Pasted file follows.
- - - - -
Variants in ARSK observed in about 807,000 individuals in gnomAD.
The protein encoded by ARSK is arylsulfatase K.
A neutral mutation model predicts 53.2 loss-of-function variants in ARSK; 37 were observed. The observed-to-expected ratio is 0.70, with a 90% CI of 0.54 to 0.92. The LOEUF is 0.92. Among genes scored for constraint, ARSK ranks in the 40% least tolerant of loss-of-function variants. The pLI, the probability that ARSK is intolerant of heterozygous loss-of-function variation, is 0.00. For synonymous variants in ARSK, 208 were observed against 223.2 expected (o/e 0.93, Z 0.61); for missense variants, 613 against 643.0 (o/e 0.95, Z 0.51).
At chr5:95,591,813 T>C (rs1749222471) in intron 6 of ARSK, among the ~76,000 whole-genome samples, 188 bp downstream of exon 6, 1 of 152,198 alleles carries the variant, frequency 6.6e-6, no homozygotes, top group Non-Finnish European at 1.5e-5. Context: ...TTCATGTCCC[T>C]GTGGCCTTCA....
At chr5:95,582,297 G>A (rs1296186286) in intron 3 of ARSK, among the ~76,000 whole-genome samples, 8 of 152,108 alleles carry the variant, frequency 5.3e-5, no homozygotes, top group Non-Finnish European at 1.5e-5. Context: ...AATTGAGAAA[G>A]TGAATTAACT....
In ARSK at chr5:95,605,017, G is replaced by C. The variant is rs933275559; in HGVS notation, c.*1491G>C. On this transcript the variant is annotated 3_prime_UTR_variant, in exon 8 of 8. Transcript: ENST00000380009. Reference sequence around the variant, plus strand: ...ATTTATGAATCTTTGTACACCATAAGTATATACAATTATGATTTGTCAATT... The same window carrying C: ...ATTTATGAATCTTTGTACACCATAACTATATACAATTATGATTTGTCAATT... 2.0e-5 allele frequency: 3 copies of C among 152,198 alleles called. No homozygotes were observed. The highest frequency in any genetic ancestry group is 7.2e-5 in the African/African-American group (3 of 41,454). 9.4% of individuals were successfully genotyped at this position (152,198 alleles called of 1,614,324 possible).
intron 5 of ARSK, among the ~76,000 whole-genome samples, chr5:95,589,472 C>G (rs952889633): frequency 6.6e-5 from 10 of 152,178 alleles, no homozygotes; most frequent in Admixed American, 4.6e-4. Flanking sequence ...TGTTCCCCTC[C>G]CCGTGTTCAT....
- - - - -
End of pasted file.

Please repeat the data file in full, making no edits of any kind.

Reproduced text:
Variants in ARSK observed in about 807,000 individuals in gnomAD.
The protein encoded by ARSK is arylsulfatase K.
A neutral mutation model predicts 53.2 loss-of-function variants in ARSK; 37 were observed. The observed-to-expected ratio is 0.70, with a 90% CI of 0.54 to 0.92. The LOEUF is 0.92. Among genes scored for constraint, ARSK ranks in the 40% least tolerant of loss-of-function variants. The pLI, the probability that ARSK is intolerant of heterozygous loss-of-function variation, is 0.00. For synonymous variants in ARSK, 208 were observed against 223.2 expected (o/e 0.93, Z 0.61); for missense variants, 613 against 643.0 (o/e 0.95, Z 0.51).
At chr5:95,591,813 T>C (rs1749222471) in intron 6 of ARSK, among the ~76,000 whole-genome samples, 188 bp downstream of exon 6, 1 of 152,198 alleles carries the variant, frequency 6.6e-6, no homozygotes, top group Non-Finnish European at 1.5e-5. Context: ...TTCATGTCCC[T>C]GTGGCCTTCA....
At chr5:95,582,297 G>A (rs1296186286) in intron 3 of ARSK, among the ~76,000 whole-genome samples, 8 of 152,108 alleles carry the variant, frequency 5.3e-5, no homozygotes, top group Non-Finnish European at 1.5e-5. Context: ...AATTGAGAAA[G>A]TGAATTAACT....
In ARSK at chr5:95,605,017, G is replaced by C. The variant is rs933275559; in HGVS notation, c.*1491G>C. On this transcript the variant is annotated 3_prime_UTR_variant, in exon 8 of 8. Transcript: ENST00000380009. Reference sequence around the variant, plus strand: ...ATTTATGAATCTTTGTACACCATAAGTATATACAATTATGATTTGTCAATT... The same window carrying C: ...ATTTATGAATCTTTGTACACCATAACTATATACAATTATGATTTGTCAATT... 2.0e-5 allele frequency: 3 copies of C among 152,198 alleles called. No homozygotes were observed. The highest frequency in any genetic ancestry group is 7.2e-5 in the African/African-American group (3 of 41,454). 9.4% of individuals were successfully genotyped at this position (152,198 alleles called of 1,614,324 possible).
intron 5 of ARSK, among the ~76,000 whole-genome samples, chr5:95,589,472 C>G (rs952889633): frequency 6.6e-5 from 10 of 152,178 alleles, no homozygotes; most frequent in Admixed American, 4.6e-4. Flanking sequence ...TGTTCCCCTC[C>G]CCGTGTTCAT....